the disemboweled judge

The clan Morrison was strong on the Isle of Lewis, mainly in the area around Ness and Barvas. They held the hereditary office of brieve, meaning they were the judges in the area; a station of absolute power but not always absolute integrity. One John Morrison, brieve of Lewis, had come to the conclusion that... Continue Reading →

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smoked out

smoked out One day, long in the past, sometime between the end of the 16th and beginning of the 17th century, the Morrisons of Ness were resting in the mighty Dun Carloway, cattle grazing peacefully outside. It was summer and the days were long, birdsong filled the air. But peace was evanescent and this was... Continue Reading →

an axe wound, mass murder and lust

St Clement’s church, Rodel, Isle of Harris St Clement’s was built as a catholic church under David I, probably by one of the MacLeods of Harris but falling into disuse soon after completion. The Reformation had put an end to Catholicism on the island. It had most likely been a priory, two allegedly excisted on... Continue Reading →

The Fife Adventurers

Towards the end of  the 16th century, the Isle of Lewis was a wild, unruly, unhealthy and recalcitrant place. At least according to its King, James VI. It might have been quite a few of these things but educating his people was not what was really on the King’s mind when he took measures to... Continue Reading →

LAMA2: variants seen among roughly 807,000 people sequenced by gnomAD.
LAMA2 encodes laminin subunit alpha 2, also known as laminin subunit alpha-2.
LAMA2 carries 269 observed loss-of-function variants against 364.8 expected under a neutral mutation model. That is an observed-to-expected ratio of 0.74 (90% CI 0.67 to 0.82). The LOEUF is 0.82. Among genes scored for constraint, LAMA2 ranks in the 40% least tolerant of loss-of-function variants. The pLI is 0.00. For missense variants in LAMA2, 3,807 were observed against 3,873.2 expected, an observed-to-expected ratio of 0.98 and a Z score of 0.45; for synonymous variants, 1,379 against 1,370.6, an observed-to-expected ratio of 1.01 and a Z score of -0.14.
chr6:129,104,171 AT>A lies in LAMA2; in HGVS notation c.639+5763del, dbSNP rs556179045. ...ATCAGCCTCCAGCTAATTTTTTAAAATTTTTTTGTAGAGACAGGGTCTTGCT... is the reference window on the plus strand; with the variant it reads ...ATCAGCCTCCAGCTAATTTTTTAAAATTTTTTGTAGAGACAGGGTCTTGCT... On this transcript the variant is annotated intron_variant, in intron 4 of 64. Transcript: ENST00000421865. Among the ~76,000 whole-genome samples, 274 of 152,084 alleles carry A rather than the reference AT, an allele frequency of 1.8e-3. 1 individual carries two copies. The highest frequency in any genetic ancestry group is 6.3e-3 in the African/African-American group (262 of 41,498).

the warrior chief

From the first Viking raids right up to the middle of the 17th century Gairloch was nothing but a big battlefield.  First the Norsemen against then Scots, then the Mackenzies, the McLeod, and the MacDonalds among each other, fighting for power and ownership,  retaliating attacks, avenging murders, killing rivals. Many died a brutal death here.... Continue Reading →

brawl over a dead child’s body

Carriden Old Churchyard The mansion-house of Carriden is the principal seat in the parish of Carriden. It sits on the high bank above the shore overlooking the Firth and Royal Dunfermline, the ancient capital of Scotland. Carriden House is a private property, erected about the beginning of the seventeenth century. Like many mansions it came... Continue Reading →

morthouse, bell and pelican

morthouse A morthouse (the name implies it) houses the dead, but only for a short period of time. In the days of body-snatcher and resurrectionists (19th century) who would dig up freshly buried courses to sell them for good profit to surgeons for clinical studies, they were a means of protecting the dead. They were... Continue Reading →

light on untouched graves

  This graveyard is a very peaceful one, snuggling between the river and the old town of Callander, the Parish church is long gone. But there is a small building in the old graveyard wall, that tells a gruesome story. Not by day but by night. Callander old kirkyard once was haunted by very creepy... Continue Reading →

a pale white hand that started bleeding

Edzell is a quaint wee village, its graveyards peaceful and pretty, but appearance can be deceiving, especially here in Edzell. For a start, the village Edzell is not really the village Edzell at all. Edzell was lost during the centuries and the Georgian planned town of today, was originally called Slateford. It took the name... Continue Reading →

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